Cedric the Entertainer says ‘The Neighborhood’ is a ‘blend of culture and community’

Click to play video: '‘The Neighborhood’ trailer'
‘The Neighborhood’ trailer
‘The Neighborhood’ is a new comedy starring actor and comedian Cedric the Entertainer as an opinionated neighbour wary of his new neighbours – Jun 4, 2018

The Neighborhood stars Cedric the Entertainer in a comedy about what happens when the friendliest guy in the Midwest moves his family to a neighbourhood in Los Angeles where not everyone looks like him or appreciates his extreme neighbourliness.

Dave Johnson is a good-natured, professional conflict negotiator. When his wife, Gemma, gets a job as a school principal in L.A., they move from Michigan with their young son, Grover, unfazed that their new dream home is located in a community quite different from their small town.

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Their opinionated next-door neighbor, Calvin Butler (Cedric the Enterainer), is wary of the newcomers, certain that the Johnsons will disrupt the culture on the block.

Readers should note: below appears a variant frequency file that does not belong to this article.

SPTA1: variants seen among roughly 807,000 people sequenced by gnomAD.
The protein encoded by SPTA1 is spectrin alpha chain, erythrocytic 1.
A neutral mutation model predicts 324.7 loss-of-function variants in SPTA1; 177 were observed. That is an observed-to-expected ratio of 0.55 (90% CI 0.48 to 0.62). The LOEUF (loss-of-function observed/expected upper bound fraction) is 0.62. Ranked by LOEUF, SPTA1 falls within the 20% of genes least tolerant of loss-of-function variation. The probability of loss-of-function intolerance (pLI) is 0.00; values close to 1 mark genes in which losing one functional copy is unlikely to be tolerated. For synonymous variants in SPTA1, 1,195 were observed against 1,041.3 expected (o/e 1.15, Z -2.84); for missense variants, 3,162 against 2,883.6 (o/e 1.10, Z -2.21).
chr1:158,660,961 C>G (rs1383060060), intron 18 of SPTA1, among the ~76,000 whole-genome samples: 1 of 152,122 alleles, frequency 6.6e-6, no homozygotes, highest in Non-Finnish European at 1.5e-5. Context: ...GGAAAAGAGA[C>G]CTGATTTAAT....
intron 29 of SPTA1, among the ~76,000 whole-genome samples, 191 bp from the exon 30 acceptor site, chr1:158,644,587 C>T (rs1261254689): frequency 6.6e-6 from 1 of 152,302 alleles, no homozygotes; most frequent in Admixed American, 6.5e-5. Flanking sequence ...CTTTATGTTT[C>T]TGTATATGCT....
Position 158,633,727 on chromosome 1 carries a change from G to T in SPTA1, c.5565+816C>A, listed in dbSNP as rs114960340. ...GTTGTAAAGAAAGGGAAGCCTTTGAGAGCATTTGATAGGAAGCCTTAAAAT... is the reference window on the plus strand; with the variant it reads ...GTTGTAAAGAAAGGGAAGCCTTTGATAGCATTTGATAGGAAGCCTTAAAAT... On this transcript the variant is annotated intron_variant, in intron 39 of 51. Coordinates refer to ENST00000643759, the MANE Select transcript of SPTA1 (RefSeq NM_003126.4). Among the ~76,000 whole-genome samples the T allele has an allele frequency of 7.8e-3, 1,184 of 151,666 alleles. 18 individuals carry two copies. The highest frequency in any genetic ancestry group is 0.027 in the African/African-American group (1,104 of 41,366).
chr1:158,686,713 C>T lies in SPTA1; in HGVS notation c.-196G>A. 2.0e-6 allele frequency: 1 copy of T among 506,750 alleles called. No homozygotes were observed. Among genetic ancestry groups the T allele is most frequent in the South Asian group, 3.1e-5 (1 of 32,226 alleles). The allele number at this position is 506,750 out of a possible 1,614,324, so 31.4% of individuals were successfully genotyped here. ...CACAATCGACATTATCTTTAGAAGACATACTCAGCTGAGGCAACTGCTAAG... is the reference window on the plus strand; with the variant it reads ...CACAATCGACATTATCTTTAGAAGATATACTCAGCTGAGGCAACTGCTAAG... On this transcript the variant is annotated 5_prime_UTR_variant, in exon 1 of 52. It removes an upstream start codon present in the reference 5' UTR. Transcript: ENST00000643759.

However, Calvin’s gracious wife, Tina, rolls out the welcome wagon; their chipper younger son, Marty, thinks the Johnsons could be good for the community; and their unemployed older son, Malcolm, finds Dave may finally be someone who understands him. Dave realizes that fitting into their new community is more complex than he expected, but if he can find a way to connect with Calvin, they have an excellent chance of making their new neighborhood their home.

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Global News sat down with Cedric the Entertainer to talk to him about the new show — which he also executive produces — his career, and of course, Barber Shop.

Global News: Tell me about the show.
Cedric the Entertainer: The Neighborhood is about when one of the friendliest guys in the world moves into a neighbourhood and has to meet the grumpiest guy in the world — me, Calvin Butler. It’s a show about when people who are supposedly opposite have to live right next to each other and they have to find a common ground to get along.

Tell me more about who Calvin Butler is.
Calvin Butler is a family man. I have two adult sons and a wonderful wife played by Tichina Arnold. I am a business man who’s been staying in this neighbourhood that’s been culturally ours for so long. Then, out of nowhere, this friendly guy from the mid-west moves in and just throws a wrench into everything. And that’s when Calvin blows up and we go on this journey to find a way where we can all live together in harmony.